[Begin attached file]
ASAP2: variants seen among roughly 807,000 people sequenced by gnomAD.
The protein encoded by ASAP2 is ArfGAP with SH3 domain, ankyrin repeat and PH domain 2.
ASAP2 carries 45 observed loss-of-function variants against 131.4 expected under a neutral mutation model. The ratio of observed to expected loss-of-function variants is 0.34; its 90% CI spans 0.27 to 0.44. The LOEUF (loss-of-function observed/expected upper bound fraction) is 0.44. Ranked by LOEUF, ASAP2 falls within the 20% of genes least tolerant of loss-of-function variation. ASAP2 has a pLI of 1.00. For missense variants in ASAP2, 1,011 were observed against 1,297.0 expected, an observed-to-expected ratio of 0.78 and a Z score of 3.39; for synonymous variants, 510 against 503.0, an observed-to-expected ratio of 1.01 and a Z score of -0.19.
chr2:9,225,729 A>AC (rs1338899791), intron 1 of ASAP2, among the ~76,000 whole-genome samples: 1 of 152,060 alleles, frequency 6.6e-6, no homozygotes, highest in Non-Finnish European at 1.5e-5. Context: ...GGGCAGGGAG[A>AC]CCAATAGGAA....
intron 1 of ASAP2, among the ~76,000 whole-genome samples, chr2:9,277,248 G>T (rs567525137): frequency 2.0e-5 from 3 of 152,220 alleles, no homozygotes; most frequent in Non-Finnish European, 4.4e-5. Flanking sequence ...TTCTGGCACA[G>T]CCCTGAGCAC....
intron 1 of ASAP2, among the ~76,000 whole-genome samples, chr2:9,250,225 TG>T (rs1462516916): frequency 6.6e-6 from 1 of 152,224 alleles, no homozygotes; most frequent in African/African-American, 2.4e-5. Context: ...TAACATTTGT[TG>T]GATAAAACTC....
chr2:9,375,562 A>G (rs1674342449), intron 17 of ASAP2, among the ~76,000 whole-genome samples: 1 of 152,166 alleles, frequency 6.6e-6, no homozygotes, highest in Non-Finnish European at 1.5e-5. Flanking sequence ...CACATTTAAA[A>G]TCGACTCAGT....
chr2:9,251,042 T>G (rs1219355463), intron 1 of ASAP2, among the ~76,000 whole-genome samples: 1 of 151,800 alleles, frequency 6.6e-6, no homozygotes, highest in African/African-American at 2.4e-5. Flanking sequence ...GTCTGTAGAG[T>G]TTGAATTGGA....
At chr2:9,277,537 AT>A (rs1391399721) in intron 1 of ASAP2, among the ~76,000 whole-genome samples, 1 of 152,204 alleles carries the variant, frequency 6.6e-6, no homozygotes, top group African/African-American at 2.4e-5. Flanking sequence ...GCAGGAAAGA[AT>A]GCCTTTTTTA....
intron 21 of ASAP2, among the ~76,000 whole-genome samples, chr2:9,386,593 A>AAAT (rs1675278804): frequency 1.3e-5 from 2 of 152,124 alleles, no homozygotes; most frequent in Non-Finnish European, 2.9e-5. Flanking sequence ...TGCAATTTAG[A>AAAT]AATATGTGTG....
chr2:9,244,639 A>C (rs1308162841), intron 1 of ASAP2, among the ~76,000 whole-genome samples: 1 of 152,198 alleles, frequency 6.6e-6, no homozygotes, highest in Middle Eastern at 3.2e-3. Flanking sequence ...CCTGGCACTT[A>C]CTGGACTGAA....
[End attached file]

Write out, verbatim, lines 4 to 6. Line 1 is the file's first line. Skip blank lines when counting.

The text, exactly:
chr2:9,225,729 A>AC (rs1338899791), intron 1 of ASAP2, among the ~76,000 whole-genome samples: 1 of 152,060 alleles, frequency 6.6e-6, no homozygotes, highest in Non-Finnish European at 1.5e-5. Context: ...GGGCAGGGAG[A>AC]CCAATAGGAA....
intron 1 of ASAP2, among the ~76,000 whole-genome samples, chr2:9,277,248 G>T (rs567525137): frequency 2.0e-5 from 3 of 152,220 alleles, no homozygotes; most frequent in Non-Finnish European, 4.4e-5. Flanking sequence ...TTCTGGCACA[G>T]CCCTGAGCAC....
intron 1 of ASAP2, among the ~76,000 whole-genome samples, chr2:9,250,225 TG>T (rs1462516916): frequency 6.6e-6 from 1 of 152,224 alleles, no homozygotes; most frequent in African/African-American, 2.4e-5. Context: ...TAACATTTGT[TG>T]GATAAAACTC....